The Social Services & Well-being (Wales) Act 2014 provides a wide-ranging single Act bringing together the duties and functions of local authorities with the aim of improving the ‘well-being’ of all people who need care and support, and carers who need support. The NI Department of Health is currently taking forward a three stage Reform of Adult Care and Support. The project is currently at stage two with the Department working to develop proposals for change to adult care and support for consultation in April 2017. Issues facing carers are the impact on their own health; detriment to their own life outside of their caring role; difficulties in balancing caring with paid work often leading to financial difficulties or outright poverty; for young carers, the impact on development of social skills, family relationships, and education/career prospects.
Hence the BoJ continued to keep the total outstanding amount of JGBs, on average, at or below the volume of banknotes in circulation (Chart 4 above) (see Maeda et al. 2005, p.10). Concerning the maturity of open market operations under the QE policy, both short-term and long-term (i.e. JGBs) market operations converged somewhat: In the MPM of May 18, 2001, the policy board decided to expand the maturity-spectrum eligible for outright purchases of JGBs to include not only 10- and 20-year but also 2-, 4- and 6-year government securities (Chart 23 and for comparison Chart 3 above). On the other hand, the BoJ increased the maturity for many of its short-term funds supplying operations in order to make bidding more attractive since a longer time horizon of short-term operations enables counterparties to better secure their future liquidity needs. For instance, the maturity of outright purchases of bills was extended from six month to one year (see Bank of Japan 2002, p. 4 and Bank of Japan 2009d). Apart from modifications of the maturity spectrum, there were also changes regarding the number of counterparties as well as the range of eligible collateral. Concerning the first, the number of banks and other financial institutions that are allowed to engage in transactions with the BoJ had been raised from 30-50 to nearly 150 (as of 2004), also including foreign banks. The main motivation behind this was warranting smooth functioning of open market operations. With respect to the latter, the BoJ decided at its MPMs of December 17, 2002 and April 30, 2003 to accept loans on deeds with original maturities from five to ten years, asset backed commercial papers (ABCP) and loans on deeds to the “Industrial Revitalization Corporation of Japan (IRCJ)”, which is a government-backed agency created to rehabilitate heavily indebted but viable companies, as eligible collateral. Since eligibility criteria for collateral are stated in the “Guidelines on Eligible Collateral” that also formulate the range of eligible collateral that can be used by financial institutions to obtain funds through the discount window, these amendments to the “Guidelines on Eligible Collateral” made discount window borrowing less difficult as well. The inclusion of these products was intended to make it easier for counterparties to refinance them and, in the case of ABCP, to foster the development of the markets for securitized products (see minutes of the MPM on 12/17/2002 and 04/30/2002, Maeda et al. 2005, p. 6, Bank of Japan 2004a, p. 305 and Bank of Japan 2009e).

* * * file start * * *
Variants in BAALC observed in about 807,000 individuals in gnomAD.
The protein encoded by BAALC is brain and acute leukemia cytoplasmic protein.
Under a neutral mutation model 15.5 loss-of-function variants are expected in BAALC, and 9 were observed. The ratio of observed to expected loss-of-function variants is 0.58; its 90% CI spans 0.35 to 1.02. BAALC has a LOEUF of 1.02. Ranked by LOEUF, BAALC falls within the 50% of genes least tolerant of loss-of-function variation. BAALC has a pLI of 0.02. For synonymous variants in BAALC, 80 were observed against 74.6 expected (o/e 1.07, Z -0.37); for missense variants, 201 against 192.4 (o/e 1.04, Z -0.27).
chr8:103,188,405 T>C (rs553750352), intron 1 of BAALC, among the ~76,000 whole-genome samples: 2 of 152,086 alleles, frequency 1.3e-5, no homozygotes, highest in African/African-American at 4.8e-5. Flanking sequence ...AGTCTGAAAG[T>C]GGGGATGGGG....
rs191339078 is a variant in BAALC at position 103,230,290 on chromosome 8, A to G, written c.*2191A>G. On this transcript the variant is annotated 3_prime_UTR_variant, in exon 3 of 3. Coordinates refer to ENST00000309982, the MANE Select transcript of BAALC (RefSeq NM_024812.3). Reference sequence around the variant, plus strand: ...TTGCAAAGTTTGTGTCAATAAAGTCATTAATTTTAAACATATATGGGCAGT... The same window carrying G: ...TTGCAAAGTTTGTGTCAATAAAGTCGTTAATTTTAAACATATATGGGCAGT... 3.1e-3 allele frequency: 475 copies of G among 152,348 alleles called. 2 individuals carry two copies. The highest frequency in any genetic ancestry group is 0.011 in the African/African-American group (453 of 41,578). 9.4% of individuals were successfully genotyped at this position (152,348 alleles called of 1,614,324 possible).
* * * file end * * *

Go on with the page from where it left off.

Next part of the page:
The following section includes four tables that compare New Village to Edgar Moses on the four criteria against which charter schools have historically been judged. These criteria are paraphrased from research conducted by Deal & Hentschke (2004). Two criteria sound as if they are coming from a critical TSP: “charter schools were supposed to be innovative”; and “charter schools were supposed to improve academic performance.” Two of the criteria seem to reflect the political perspectives already discussed; one Democratic: “charter schools will not serve the same distribution of class and race as public schools”; and one Republican: “charter schools get more out of a dollar” (Deal & Hentschke, 2004). As was stated earlier by policy analyst Toby Dixon, charter schools were associated with innovation by Republicans who hoped that the market-based competition model would inspire entrepreneurial ideas. The idea that charter schools disturb social cohesion goes back to the Democratic fear that charter schools would potentially result in “white flight.”